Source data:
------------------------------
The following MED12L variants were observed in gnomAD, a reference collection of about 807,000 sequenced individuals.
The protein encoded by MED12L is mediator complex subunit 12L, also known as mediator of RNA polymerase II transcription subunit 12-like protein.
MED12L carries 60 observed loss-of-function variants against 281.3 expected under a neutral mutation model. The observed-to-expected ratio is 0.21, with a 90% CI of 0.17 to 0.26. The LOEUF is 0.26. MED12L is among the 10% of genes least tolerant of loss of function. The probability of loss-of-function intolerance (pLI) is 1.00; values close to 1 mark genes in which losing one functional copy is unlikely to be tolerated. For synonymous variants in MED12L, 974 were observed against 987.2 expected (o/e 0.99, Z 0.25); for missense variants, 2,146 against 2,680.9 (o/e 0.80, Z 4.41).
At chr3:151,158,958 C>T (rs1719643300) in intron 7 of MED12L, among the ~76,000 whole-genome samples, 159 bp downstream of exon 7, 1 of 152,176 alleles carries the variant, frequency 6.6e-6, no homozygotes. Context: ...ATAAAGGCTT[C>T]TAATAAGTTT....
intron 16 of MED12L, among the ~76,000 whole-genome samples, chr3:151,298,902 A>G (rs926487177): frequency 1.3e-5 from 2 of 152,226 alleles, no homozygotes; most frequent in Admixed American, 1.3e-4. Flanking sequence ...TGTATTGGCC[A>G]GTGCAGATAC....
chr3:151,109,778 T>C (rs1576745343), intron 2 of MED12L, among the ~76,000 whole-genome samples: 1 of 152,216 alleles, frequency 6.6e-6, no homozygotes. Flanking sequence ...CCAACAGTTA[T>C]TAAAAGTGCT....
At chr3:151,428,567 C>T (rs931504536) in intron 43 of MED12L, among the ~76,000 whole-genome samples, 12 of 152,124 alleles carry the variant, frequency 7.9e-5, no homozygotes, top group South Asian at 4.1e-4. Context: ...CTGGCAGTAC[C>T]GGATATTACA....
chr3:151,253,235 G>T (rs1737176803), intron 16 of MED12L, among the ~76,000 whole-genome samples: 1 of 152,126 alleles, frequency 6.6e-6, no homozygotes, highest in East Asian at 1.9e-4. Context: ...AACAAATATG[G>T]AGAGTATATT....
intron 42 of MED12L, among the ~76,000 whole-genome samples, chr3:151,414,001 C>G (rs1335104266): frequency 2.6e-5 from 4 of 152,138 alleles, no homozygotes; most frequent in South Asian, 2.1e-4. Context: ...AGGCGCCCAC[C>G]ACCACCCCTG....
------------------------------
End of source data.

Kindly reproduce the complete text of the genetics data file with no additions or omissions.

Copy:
The following MED12L variants were observed in gnomAD, a reference collection of about 807,000 sequenced individuals.
The protein encoded by MED12L is mediator complex subunit 12L, also known as mediator of RNA polymerase II transcription subunit 12-like protein.
MED12L carries 60 observed loss-of-function variants against 281.3 expected under a neutral mutation model. The observed-to-expected ratio is 0.21, with a 90% CI of 0.17 to 0.26. The LOEUF is 0.26. MED12L is among the 10% of genes least tolerant of loss of function. The probability of loss-of-function intolerance (pLI) is 1.00; values close to 1 mark genes in which losing one functional copy is unlikely to be tolerated. For synonymous variants in MED12L, 974 were observed against 987.2 expected (o/e 0.99, Z 0.25); for missense variants, 2,146 against 2,680.9 (o/e 0.80, Z 4.41).
At chr3:151,158,958 C>T (rs1719643300) in intron 7 of MED12L, among the ~76,000 whole-genome samples, 159 bp downstream of exon 7, 1 of 152,176 alleles carries the variant, frequency 6.6e-6, no homozygotes. Context: ...ATAAAGGCTT[C>T]TAATAAGTTT....
intron 16 of MED12L, among the ~76,000 whole-genome samples, chr3:151,298,902 A>G (rs926487177): frequency 1.3e-5 from 2 of 152,226 alleles, no homozygotes; most frequent in Admixed American, 1.3e-4. Flanking sequence ...TGTATTGGCC[A>G]GTGCAGATAC....
chr3:151,109,778 T>C (rs1576745343), intron 2 of MED12L, among the ~76,000 whole-genome samples: 1 of 152,216 alleles, frequency 6.6e-6, no homozygotes. Flanking sequence ...CCAACAGTTA[T>C]TAAAAGTGCT....
At chr3:151,428,567 C>T (rs931504536) in intron 43 of MED12L, among the ~76,000 whole-genome samples, 12 of 152,124 alleles carry the variant, frequency 7.9e-5, no homozygotes, top group South Asian at 4.1e-4. Context: ...CTGGCAGTAC[C>T]GGATATTACA....
chr3:151,253,235 G>T (rs1737176803), intron 16 of MED12L, among the ~76,000 whole-genome samples: 1 of 152,126 alleles, frequency 6.6e-6, no homozygotes, highest in East Asian at 1.9e-4. Context: ...AACAAATATG[G>T]AGAGTATATT....
intron 42 of MED12L, among the ~76,000 whole-genome samples, chr3:151,414,001 C>G (rs1335104266): frequency 2.6e-5 from 4 of 152,138 alleles, no homozygotes; most frequent in South Asian, 2.1e-4. Context: ...AGGCGCCCAC[C>G]ACCACCCCTG....